Forgive Kansas State senior David Allen if he lacks the proper schooling when it comes to Nebraska football lore. Despite his status as the NCAA's reigning punt return king, Allen admits that before last year he wasn't exactly well-versed on the subject of Johnny Rodgers, the Cornhuskers legend whose prodigious play and dramatic flair three decades ago made him the Picasso of the punt return. "I can honestly say I didn't even know who Johnny Rodgers was," Allen says.
That situation was rectified last November in Lincoln when the former king introduced himself to the current one before the annual border war. "He said he was fine with me breaking his record," recalls Allen, whose seven career punt returns for touchdowns tie him with Rodgers and Oklahoma's Jack Mitchell for the NCAA record. "But he did let me know he hoped it wouldn't happen in his backyard."
Rodgers needn't have worried. Nebraska kept Allen out of the end zone en route to a 41-15 pasting of K-State. Says senior quarterback Jonathan Beasley about this year's matchup, "I'm just glad we'll be walking out seeing purple instead of red."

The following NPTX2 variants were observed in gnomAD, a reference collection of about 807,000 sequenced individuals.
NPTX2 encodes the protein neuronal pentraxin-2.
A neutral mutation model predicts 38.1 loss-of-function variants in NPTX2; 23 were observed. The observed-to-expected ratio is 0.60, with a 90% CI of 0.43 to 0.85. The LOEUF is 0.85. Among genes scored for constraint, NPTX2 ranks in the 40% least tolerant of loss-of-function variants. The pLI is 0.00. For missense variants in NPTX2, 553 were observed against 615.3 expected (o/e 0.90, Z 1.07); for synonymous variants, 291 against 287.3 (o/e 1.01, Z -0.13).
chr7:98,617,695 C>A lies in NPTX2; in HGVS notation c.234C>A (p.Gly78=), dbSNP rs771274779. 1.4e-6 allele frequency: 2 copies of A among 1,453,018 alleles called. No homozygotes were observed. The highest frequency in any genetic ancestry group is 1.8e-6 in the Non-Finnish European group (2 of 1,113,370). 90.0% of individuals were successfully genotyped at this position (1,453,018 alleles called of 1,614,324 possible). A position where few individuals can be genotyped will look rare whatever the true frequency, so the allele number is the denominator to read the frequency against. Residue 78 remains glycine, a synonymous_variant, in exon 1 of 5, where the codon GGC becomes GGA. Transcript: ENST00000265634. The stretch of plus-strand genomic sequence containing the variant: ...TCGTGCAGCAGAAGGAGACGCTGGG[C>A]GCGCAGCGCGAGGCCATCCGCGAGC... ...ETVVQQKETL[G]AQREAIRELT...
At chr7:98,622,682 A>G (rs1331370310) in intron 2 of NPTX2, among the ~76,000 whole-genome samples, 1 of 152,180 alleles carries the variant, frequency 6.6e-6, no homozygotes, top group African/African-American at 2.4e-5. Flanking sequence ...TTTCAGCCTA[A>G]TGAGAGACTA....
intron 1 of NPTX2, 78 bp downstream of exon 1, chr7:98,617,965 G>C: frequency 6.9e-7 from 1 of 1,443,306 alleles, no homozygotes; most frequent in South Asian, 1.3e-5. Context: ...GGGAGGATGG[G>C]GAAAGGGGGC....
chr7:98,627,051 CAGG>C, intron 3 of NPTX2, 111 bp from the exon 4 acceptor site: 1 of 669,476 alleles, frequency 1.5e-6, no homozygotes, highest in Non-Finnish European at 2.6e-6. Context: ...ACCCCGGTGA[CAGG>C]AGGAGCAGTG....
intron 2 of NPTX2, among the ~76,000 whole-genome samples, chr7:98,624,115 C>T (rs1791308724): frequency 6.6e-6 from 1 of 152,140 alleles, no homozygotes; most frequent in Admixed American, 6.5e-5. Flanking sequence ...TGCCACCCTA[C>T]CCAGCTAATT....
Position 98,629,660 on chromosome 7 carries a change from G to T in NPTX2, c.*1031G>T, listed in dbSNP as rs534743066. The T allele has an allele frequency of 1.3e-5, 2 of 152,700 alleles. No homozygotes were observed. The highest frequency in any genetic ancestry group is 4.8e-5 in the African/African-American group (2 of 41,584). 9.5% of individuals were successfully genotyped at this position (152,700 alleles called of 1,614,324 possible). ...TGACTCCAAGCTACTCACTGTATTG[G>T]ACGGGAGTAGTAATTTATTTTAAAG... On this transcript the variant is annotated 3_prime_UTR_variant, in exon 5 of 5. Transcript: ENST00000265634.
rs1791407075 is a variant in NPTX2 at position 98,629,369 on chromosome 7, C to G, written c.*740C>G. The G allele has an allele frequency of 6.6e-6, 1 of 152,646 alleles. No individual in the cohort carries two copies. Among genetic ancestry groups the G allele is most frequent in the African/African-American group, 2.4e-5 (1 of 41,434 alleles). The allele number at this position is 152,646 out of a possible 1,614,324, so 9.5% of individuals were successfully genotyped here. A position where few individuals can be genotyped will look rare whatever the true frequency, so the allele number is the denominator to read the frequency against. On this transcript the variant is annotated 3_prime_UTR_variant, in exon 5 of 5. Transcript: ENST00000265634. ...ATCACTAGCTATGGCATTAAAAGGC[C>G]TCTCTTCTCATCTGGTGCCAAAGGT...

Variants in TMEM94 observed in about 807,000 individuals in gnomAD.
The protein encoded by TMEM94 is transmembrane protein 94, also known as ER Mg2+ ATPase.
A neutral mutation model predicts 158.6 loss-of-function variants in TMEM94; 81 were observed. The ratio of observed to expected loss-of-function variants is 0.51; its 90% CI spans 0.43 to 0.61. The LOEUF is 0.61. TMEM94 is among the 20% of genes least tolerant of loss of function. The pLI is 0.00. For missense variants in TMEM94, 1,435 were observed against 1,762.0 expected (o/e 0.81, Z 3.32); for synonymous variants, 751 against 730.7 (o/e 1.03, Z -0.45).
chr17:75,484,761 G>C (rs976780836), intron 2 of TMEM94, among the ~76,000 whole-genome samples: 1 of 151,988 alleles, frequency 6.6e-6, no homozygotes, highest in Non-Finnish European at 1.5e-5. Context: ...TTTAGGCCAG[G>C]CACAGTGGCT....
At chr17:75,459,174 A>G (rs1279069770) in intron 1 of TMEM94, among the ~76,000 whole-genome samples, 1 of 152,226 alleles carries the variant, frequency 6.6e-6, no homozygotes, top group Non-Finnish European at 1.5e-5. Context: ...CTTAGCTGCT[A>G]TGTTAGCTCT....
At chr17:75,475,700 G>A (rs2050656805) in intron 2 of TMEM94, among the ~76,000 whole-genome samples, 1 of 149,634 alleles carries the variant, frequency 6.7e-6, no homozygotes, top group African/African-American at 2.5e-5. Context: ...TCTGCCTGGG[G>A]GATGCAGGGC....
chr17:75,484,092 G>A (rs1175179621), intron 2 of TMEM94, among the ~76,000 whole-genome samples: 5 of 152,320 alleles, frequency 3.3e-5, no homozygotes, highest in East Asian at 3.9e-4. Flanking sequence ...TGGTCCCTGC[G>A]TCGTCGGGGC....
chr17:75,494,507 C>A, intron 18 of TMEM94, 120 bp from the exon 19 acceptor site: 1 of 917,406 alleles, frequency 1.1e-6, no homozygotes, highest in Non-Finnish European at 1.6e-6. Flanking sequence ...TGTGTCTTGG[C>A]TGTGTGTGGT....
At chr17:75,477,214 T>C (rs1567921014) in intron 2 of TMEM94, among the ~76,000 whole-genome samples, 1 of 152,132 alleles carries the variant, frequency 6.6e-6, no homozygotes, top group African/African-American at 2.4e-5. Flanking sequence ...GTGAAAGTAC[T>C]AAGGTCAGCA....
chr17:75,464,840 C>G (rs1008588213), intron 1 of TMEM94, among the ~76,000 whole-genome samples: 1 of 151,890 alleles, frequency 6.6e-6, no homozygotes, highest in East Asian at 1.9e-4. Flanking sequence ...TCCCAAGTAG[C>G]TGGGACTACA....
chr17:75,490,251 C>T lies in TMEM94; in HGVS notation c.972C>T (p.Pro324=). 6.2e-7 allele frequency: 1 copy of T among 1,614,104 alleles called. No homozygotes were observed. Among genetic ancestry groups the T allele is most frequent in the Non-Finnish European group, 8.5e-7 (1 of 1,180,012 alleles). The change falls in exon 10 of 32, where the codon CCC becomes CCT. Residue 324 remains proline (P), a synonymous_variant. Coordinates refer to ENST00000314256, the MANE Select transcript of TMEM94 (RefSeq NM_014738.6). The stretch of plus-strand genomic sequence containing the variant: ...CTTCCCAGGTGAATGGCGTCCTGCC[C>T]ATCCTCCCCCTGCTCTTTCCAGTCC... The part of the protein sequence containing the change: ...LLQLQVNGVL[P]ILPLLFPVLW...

Whether Beasley will be under center again when Big Red invades Manhattan this November is another story. Redshirt freshman quarterback Ell Roberson drew rave reviews this spring and has narrowed the gap. Whichever player ends up with the nod will have the security of throwing to the Big 12's best receiving duo—senior Quincy Morgan and junior Aaron Lockett. He'll also have Allen as the No. 1 tailback. "Most people just see me as a return man," says Allen, who needs 172 yards in punt returns to break the career record of 1,695 yards, set by Vanderbilt's Lee Nalley from 1947 to '49. "It's my year to prove I can be a return guy and an every-down back."
The defense isn't as sure a thing. Despite retaining seven starters from the nation's second-ranked unit, K-State must replace its top three defensive players from last season.
K-State has an early-season schedule that's softer than George Foreman's midsection, which means its BCS prospects likely hinge on an upset of neighbors to the north. "With the people we have," says Allen, "we can beat anybody in the country."
If he's right, Allen won't be the only one in Manhattan this season experiencing many happy returns.